New York ApartmentsCredit: wikipedia

As you probably know, finding a room in the city that never sleeps doesn’t come cheap or easy. There are many factors to consider when looking for a room on your own and things that must be done to ensure that you get the best room possible for the best price.


The first thing you are probably considering is the cost of living. Now, living inNew York Cityis definitely fairly expensive, especially when you are young. The average monthly rent for a one-bedroom apartment in the Village is over $3,100. This is important to keep in mind, as many people are utterly shocked at this and lack perspective on housing inNew York City. Of course, there are cheaper places to be found in other neighborhoods. For example, there are apartments in places such asHarlem,WashingtonHeights andMorningsideHeightsthat hover around $2,000. Apartments can go for cheaper than this in the Lowe East Side, north of Midtown and in theEastVillage.


I will discuss the different ways to find housing inNew York, as well as what you should expect when looking into your options.

How to Find Housing

Apartment Guides. These are generally magazines that you can find in the newspaper nearby convenience stands and the like. Guides are useful for providing general housing information in New York City.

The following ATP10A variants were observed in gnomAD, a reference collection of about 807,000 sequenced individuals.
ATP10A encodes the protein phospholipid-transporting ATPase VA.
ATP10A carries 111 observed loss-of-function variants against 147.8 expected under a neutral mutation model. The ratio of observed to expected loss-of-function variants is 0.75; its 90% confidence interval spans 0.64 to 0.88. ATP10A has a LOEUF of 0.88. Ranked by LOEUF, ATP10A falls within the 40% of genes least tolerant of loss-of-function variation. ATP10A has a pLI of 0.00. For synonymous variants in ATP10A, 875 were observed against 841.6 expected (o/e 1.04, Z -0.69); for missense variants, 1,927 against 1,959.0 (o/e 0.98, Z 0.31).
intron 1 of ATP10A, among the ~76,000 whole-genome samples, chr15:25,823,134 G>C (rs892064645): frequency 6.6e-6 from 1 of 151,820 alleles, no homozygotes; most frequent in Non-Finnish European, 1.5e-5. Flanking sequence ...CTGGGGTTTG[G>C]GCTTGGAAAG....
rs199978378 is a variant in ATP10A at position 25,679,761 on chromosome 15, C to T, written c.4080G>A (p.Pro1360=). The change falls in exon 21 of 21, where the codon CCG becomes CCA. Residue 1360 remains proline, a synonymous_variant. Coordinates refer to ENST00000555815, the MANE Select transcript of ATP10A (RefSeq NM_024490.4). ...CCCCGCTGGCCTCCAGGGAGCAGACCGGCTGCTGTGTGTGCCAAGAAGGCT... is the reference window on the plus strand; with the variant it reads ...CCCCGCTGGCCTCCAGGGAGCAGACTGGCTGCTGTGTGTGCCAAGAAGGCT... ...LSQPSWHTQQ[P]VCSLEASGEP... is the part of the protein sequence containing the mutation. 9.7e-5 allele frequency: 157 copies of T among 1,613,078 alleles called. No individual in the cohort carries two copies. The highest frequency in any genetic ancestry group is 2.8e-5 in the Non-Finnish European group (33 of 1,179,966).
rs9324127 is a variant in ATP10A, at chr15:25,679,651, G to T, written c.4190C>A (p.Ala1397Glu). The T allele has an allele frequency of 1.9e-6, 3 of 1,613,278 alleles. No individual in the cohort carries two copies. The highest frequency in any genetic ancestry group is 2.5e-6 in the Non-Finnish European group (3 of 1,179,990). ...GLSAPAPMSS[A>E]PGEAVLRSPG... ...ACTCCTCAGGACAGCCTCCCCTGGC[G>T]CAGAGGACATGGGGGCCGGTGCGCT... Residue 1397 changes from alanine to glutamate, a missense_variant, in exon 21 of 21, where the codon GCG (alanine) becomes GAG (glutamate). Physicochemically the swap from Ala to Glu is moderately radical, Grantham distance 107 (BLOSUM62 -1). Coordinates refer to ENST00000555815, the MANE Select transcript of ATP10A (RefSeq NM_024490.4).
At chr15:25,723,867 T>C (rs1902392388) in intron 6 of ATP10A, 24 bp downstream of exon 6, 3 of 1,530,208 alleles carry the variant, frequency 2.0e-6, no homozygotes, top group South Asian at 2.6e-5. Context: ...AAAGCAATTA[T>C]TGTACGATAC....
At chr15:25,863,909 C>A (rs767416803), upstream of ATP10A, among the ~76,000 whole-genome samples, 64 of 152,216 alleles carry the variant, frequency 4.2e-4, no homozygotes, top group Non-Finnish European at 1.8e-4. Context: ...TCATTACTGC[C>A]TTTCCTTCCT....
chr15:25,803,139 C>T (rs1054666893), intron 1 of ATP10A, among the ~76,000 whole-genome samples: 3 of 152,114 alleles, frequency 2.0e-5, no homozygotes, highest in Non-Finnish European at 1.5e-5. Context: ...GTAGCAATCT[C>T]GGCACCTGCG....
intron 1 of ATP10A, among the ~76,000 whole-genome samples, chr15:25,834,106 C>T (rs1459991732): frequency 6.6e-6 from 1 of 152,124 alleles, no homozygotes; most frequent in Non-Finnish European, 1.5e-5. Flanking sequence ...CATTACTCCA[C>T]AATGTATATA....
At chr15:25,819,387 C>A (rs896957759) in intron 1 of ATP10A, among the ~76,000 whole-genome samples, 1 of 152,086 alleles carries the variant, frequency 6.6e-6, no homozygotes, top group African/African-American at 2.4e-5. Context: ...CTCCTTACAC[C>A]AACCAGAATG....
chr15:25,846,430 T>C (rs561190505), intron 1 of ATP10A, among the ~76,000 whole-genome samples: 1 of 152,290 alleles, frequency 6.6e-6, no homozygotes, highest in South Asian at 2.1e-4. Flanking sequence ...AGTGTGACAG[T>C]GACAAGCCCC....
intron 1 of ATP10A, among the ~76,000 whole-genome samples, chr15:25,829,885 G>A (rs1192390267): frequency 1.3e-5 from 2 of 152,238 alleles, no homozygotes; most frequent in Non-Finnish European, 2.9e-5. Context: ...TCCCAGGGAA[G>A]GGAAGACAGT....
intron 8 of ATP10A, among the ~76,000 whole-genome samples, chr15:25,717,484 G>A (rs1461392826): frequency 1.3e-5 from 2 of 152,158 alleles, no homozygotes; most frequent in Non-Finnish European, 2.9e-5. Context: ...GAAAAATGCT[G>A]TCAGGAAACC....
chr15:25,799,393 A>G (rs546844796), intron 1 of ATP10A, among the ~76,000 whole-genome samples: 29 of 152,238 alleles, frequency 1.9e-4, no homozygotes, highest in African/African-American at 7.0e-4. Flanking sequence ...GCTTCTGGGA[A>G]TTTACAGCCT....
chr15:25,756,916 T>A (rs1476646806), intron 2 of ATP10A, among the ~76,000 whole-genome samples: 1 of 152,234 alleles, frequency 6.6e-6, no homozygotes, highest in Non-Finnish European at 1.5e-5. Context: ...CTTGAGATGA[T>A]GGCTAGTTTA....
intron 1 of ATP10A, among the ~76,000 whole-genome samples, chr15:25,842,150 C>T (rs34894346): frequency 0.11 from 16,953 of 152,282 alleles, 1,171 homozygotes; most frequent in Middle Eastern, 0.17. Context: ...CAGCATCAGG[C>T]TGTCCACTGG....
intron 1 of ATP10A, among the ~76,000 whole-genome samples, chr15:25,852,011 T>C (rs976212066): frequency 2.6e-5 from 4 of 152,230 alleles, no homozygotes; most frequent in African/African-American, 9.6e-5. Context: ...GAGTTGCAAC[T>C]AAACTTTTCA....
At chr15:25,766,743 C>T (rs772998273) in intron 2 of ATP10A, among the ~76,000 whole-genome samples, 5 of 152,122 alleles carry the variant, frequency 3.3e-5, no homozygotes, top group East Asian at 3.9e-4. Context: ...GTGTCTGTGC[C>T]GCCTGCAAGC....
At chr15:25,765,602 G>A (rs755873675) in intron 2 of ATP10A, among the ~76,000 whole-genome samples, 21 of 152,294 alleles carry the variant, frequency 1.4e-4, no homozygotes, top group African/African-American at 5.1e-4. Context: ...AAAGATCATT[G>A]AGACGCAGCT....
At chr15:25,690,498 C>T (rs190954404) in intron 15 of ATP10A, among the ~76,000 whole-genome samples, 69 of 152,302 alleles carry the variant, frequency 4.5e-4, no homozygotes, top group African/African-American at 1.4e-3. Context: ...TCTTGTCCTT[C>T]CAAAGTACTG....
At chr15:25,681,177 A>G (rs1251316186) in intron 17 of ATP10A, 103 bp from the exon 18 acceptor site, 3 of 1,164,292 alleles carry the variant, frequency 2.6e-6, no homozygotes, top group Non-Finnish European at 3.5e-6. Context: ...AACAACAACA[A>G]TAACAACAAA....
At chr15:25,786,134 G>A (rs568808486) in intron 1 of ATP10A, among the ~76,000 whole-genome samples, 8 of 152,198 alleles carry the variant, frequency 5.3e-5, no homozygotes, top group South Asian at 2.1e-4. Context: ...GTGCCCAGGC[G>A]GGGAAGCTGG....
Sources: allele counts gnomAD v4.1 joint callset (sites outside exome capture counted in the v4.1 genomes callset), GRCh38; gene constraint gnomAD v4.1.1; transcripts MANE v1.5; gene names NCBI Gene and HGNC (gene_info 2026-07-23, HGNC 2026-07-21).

Room Hunting. Here, you simply walk around the areas that you’re interested in living in in New York and see if there are any apartments that have rooms available for rent (or houses, depending on the neighborhood).


Classified Ads. You can find ads in the newspaper such as the New York Times, the Daily News or on Craigslist where people looking to rent out space place classified ads that generally talk about the payment expected and provide information about the room. Of course, it’s a safer option to consider more strongly ads that have pictures as opposed to those that do not.


Central Park NYCCredit: wikipedia

Friends/Family. If you have relatives or friends who live inNew York, they might have an idea of good places to room in, or provide general recommendations. Maybe they might have seen a “For Rent” sign somewhere that looks promising. If not, you could also look into the possibility of staying with the person(s) you know, provided that both of you are mutually comfortable doing so.